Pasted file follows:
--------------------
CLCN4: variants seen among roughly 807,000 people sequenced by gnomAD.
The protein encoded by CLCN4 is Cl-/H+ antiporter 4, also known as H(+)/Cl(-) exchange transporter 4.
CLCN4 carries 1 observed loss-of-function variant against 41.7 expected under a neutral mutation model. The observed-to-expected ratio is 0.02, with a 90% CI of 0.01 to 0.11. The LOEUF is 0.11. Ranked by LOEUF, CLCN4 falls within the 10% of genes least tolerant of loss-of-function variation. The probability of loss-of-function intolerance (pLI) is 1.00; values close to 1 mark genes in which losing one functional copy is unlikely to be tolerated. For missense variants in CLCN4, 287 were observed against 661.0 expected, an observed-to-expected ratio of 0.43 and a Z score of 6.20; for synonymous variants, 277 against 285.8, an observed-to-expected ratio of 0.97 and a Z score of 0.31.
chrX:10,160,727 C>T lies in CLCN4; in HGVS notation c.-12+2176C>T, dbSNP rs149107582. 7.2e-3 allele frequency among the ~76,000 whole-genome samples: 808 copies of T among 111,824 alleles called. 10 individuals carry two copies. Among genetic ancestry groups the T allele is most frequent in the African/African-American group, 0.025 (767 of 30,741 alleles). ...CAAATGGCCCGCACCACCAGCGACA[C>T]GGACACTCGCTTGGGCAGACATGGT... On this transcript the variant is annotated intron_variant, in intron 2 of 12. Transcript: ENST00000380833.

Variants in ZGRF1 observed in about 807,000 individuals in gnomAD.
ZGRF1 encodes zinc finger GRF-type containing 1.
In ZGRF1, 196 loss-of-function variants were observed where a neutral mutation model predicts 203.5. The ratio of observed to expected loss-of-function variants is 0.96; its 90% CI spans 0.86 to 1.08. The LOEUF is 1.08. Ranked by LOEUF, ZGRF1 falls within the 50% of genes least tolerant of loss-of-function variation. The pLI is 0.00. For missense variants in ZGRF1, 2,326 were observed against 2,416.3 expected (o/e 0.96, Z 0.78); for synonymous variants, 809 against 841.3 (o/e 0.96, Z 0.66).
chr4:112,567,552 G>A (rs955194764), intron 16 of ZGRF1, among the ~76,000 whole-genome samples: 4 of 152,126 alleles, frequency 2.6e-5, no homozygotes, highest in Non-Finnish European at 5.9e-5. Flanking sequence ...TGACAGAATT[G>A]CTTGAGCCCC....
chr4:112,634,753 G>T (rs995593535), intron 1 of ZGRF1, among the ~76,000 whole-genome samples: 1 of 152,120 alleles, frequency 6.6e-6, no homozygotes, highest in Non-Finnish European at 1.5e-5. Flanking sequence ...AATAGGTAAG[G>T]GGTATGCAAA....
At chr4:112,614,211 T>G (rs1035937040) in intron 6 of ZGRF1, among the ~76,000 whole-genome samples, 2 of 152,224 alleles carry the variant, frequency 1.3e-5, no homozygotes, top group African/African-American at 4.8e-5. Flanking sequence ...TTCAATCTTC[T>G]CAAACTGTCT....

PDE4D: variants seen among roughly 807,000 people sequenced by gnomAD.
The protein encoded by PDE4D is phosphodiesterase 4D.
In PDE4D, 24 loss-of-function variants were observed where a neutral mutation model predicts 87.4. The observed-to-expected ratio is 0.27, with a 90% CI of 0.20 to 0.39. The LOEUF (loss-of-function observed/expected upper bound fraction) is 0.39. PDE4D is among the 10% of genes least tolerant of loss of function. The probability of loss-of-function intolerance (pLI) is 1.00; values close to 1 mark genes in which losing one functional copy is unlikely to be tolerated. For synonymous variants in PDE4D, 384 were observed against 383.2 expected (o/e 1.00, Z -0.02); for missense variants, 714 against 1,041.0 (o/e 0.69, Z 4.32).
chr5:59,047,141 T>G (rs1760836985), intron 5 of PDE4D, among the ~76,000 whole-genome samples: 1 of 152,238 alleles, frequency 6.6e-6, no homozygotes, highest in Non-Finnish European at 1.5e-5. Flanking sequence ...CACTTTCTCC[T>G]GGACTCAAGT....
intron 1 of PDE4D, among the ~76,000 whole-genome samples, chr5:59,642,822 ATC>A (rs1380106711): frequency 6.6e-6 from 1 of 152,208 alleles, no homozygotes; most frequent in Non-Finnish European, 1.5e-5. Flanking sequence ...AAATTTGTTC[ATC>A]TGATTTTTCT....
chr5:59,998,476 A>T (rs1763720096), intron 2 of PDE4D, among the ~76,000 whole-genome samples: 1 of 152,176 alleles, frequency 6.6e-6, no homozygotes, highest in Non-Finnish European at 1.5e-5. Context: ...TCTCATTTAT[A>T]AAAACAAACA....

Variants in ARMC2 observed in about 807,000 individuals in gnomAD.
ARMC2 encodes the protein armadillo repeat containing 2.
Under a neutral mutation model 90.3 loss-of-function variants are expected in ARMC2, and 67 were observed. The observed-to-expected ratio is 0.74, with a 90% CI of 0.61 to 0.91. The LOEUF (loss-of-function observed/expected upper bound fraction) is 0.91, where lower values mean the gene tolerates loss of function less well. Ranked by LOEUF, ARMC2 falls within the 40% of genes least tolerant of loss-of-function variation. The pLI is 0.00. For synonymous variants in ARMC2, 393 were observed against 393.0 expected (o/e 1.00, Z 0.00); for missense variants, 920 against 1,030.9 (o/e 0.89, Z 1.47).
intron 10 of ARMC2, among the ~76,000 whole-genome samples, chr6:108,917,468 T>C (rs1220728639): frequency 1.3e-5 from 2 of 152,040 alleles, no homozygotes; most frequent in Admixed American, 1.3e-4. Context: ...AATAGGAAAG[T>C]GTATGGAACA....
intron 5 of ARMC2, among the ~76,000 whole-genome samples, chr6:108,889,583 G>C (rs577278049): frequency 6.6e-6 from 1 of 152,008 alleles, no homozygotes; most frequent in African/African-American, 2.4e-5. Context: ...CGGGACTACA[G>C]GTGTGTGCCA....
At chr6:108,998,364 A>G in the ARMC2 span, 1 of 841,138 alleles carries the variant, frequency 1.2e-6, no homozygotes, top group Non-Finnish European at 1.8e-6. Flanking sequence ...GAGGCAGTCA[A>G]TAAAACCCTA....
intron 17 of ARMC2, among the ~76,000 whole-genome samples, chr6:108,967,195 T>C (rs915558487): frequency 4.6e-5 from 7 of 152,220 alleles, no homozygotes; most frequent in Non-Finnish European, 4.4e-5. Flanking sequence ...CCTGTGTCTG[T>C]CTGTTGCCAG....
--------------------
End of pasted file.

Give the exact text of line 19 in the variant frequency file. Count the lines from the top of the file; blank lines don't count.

Under a neutral mutation model 90.3 loss-of-function variants are expected in ARMC2, and 67 were observed. The observed-to-expected ratio is 0.74, with a 90% CI of 0.61 to 0.91. The LOEUF (loss-of-function observed/expected upper bound fraction) is 0.91, where lower values mean the gene tolerates loss of function less well. Ranked by LOEUF, ARMC2 falls within the 40% of genes least tolerant of loss-of-function variation. The pLI is 0.00. For synonymous variants in ARMC2, 393 were observed against 393.0 expected (o/e 1.00, Z 0.00); for missense variants, 920 against 1,030.9 (o/e 0.89, Z 1.47).